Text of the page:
Night Feed

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Night Feed

Postby Vmummy » Fri 26 Apr, 2013 11:17 am

Good morning :) Just chasing some advice. My 11 week old is a wonderful sleeper at night once we settle her shep sleeps from 9pm to 7am with 2 to 3 feeds. When I feed her she goes into her bassinet and back to sleep. This doesn't happen in the day however she will only stay asleep if in the sling with lots of rocking and patting as soon as I put her in the bassinet she wakes. Baby was born 4 weeks premature so I have read on these posts that her brain development may be a few weeks behind which makes sense. When she was born she was in the NICU for 5 days and had limited skin to skin or cuddles this combined with my birth trauma meant we couldn't establish breast feeding so she is happily bottle fed. Initially she was jaundiced and a lazy feeder so I set alarms to get up in the night to feed her as she wouldn't wake. At the moment I still wake up every 3 hrs and feed her, she stays sleepy and goes back to sleep. I haven't given her the chance to 'sleep' through. Could this be effecting her day time mood, she is grumpy and cries alot, I have been thinking that maybe she is overtired. Should I wait until she cries out to feed her in the night? Also I live in the Pilbara so help is limited.
Thank you for this resource it has helped my anxiety about what a newborn should be doing and to beieve in my instinct a mother.
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Re: Night Feed

Postby NgalaOnline » Mon 29 Apr, 2013 9:49 pm

Hi Vmummy

Thank you for your post. It sounds as though you are doing a fantastic job caring for your baby.

It is quite common for babies to find day time sleep more difficult than night time sleep. You are correct that it is often best to view your baby as being several weeks younger in terms of brain development if they have been born prematurely. With regards to her night time sleep and feeding, her current regime of feeding 2 or 3 times a night does sound normal for a baby her age. Your management of her feeding in the early weeks when she was sleepy and jaundiced sounds very appropriate. Whether to continue waking her for feeds or not depends on your baby's overall health and growth. If she is an alert and thriving baby that is putting on adequate weight, feeding well during the day and having at least 5 heavily wet nappies in a 24 hour period, then it is quite reasonable to reduce and eventually stop the occasions of waking her for feeds during the night. If your baby is able to sleep for long periods without waking for a feed then it is reasonable to allow her to do so at this age provided she continues to thrive in the above ways and put on weight. If you feel uneasy about allowing her to sleep all night (if she does so) then it would be very reasonable to still wake her for one or two night feeds but at lengthier intervals. It is difficult to say whether letting her sleep for longer at night time will improve her daytime mood, but often sleep will generate extra sleep so it is likely that improved night time sleep may help her daytime energy levels and ability to settle.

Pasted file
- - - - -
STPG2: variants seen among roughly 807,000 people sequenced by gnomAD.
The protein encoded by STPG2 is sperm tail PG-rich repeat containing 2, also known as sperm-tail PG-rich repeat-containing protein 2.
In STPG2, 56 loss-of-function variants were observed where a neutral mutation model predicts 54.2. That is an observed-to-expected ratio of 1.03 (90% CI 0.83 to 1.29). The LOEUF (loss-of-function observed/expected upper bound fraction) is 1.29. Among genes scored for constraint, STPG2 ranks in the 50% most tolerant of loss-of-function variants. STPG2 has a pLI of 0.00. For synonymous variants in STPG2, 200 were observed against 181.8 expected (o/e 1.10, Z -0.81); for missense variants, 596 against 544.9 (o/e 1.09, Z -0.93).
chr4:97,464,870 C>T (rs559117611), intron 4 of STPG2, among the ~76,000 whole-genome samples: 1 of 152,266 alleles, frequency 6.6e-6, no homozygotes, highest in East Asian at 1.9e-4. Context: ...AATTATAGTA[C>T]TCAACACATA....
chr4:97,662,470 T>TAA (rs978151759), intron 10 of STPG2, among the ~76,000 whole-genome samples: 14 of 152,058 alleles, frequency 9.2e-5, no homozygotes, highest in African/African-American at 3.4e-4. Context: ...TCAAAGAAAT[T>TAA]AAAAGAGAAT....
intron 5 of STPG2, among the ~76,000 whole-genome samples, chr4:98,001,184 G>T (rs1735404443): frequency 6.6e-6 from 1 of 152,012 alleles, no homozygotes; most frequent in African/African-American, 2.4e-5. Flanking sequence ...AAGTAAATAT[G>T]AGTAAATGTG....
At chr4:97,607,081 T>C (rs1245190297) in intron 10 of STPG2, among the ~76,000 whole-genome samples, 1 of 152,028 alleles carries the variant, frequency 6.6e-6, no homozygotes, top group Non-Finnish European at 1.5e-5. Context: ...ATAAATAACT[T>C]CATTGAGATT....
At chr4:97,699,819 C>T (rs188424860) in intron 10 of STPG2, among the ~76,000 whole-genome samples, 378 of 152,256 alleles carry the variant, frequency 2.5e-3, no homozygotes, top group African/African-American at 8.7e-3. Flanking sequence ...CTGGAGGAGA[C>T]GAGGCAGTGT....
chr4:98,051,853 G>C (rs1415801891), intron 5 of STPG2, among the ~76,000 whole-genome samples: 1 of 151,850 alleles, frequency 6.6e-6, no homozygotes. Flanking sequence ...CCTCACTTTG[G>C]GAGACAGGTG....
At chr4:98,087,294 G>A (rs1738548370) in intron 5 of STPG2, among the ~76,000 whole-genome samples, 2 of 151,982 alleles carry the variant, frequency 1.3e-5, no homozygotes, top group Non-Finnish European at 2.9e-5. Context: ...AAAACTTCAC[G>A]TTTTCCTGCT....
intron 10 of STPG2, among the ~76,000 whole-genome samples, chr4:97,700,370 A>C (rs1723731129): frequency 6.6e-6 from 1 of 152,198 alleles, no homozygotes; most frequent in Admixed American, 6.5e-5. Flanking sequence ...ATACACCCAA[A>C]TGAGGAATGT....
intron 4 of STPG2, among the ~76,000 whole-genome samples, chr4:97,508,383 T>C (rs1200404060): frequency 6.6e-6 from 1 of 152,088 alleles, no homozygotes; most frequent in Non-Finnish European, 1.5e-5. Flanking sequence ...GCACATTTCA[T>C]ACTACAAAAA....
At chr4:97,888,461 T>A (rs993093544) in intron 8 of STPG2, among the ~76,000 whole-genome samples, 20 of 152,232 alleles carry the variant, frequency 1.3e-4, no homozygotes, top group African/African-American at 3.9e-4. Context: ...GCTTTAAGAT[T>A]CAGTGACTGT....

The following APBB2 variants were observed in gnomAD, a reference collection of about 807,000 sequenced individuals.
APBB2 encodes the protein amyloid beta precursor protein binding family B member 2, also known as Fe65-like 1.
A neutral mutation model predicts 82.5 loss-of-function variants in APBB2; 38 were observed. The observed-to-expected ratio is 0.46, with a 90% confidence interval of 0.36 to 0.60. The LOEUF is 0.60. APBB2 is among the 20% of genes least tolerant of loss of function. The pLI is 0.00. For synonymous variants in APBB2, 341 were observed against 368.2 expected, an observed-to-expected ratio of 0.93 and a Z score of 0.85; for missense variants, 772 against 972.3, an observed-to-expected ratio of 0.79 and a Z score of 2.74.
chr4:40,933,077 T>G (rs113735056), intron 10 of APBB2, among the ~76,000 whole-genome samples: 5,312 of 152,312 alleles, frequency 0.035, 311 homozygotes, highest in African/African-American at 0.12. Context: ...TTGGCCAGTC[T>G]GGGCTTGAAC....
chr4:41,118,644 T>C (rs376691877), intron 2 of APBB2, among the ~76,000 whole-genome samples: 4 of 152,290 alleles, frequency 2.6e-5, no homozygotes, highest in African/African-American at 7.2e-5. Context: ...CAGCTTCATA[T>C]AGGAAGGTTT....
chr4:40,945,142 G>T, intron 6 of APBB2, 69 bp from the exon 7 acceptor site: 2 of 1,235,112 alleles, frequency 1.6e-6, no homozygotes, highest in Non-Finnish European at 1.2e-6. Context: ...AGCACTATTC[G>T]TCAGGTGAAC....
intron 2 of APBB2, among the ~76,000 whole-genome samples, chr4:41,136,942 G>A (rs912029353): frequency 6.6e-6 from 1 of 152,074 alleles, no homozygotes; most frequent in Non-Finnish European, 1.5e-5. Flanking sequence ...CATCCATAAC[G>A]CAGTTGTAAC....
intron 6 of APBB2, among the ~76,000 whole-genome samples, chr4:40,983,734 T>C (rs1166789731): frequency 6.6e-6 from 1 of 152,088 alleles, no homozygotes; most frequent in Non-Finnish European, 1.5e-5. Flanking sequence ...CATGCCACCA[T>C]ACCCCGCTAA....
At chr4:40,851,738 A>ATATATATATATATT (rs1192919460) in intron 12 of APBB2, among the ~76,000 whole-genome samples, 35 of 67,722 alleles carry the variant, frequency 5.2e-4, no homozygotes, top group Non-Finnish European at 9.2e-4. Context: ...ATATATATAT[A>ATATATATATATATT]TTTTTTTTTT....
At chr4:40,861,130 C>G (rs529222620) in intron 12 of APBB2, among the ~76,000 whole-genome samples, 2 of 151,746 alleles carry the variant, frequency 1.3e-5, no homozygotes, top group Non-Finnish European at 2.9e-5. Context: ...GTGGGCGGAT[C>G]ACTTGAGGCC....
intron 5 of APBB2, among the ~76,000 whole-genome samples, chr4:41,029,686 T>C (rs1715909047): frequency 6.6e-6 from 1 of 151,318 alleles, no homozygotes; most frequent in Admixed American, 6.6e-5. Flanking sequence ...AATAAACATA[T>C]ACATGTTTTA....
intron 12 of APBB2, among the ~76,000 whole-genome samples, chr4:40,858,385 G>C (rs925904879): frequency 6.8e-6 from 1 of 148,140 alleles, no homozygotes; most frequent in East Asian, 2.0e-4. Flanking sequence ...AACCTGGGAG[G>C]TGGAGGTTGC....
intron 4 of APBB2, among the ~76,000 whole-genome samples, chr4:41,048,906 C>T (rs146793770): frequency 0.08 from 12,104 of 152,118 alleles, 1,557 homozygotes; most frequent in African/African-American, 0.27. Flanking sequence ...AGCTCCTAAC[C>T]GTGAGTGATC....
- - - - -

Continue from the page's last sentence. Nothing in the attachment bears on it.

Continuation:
Between 3 - 4 months old babies begin to develop sleep associations, or learned ways of falling to sleep. As your baby begins to approach this age it is a good time to begin making a gentle transition to trying to get your baby to settle for at least some of her day sleeps in her bed. Often the early morning sleep is the easiest one to get a baby to settle as the baby is less overtired, so you may like to begin by just focusing on trying to settle in the cot just for this sleep. It is best to watch for early tired signs such as starring, glazed eyes or looking away and avoiding eye contact. These more subtle tired signs often come before the later tired signs of grizzling, eye rubbing, yawning or jerky movements that often mean a baby is already overtired and difficult to settle. The first wake period of the day is often the shortest and many babies are ready to go back to bed after being awake for only an hour. You can provide lots of hands on support to help your baby initially learn to settle in her cot, such as patting, "ssshhing" her, rocking the cot or gently shimmering her body. These hands-on support methods can then be gradually drawn back on and stopped as she gets more used to settling in her cot, so that she gets more and more used to soothing herself to sleep. It is normal for babies to protest at the changes in the initial days, but by supporting her whilst you teach her new ways of settling you are able to lay the foundations for her to be able to settle easily and sleep for long periods as she gets older. If your baby wakes after only a short sleep in her bassinet it is helpful if you can resume the same settling methods for another 20 - 30 minutes when you have the energy to do so. Even if she does not go back to sleep it is good practice at being in her bassinet and trying to resettle.

I hope this information is helpful. Please ring the helpline if you would like some more help and support.
This information is general in nature and should not be used as a substitute for the personalized assistance that can be received from the Ngala Helpline by telephone.

For families residing in Western Australia you can also contact the
Ngala Helpline
Telephone 9368 9368 or 1800 111 546 for country access
Available 7 days a week, 8am to 8pm
or request a callback online

For helplines in other Australian states please follow this link
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